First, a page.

The role of angiogenesis in cancer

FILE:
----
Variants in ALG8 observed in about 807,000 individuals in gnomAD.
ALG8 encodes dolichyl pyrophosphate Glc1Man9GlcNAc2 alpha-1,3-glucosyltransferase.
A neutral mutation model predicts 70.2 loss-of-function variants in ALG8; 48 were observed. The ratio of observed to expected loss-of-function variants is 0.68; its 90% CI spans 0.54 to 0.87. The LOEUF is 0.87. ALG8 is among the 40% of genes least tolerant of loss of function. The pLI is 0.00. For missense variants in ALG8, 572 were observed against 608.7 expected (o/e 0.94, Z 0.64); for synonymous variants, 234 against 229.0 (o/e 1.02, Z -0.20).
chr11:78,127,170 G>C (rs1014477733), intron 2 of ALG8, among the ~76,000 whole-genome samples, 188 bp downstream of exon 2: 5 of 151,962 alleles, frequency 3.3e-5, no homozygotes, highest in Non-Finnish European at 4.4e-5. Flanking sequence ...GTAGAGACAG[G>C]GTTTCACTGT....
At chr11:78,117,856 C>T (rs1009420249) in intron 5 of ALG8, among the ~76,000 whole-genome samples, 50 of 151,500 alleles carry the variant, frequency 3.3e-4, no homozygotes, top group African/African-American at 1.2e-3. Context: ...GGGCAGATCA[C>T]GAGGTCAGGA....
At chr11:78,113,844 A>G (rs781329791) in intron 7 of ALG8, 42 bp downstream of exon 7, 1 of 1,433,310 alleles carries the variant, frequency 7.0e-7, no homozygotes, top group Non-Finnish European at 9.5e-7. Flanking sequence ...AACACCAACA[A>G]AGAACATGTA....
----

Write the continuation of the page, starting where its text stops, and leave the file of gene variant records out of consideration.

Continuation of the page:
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Angiogenesis is the term coined to define the process of new blood vessel formation and has been the subject of intense scientific interest since the discovery of vascular endothelial growth factor (VEGF) in 1989. It is necessary for the growth of the organism, tissue repair and reproductive function. However, pathological angiogenesis is now recognised as an essential feature of conditions such as rheumatoid arthritis, diabetic retinopathy and malignant neoplasia. The development of small molecule inhibitors of this process is regarded as an important therapeutic area in the treatment of human cancers and offers potentially long-term treatment, with significantly fewer side effects than traditional chemotherapeutic treatment regimes.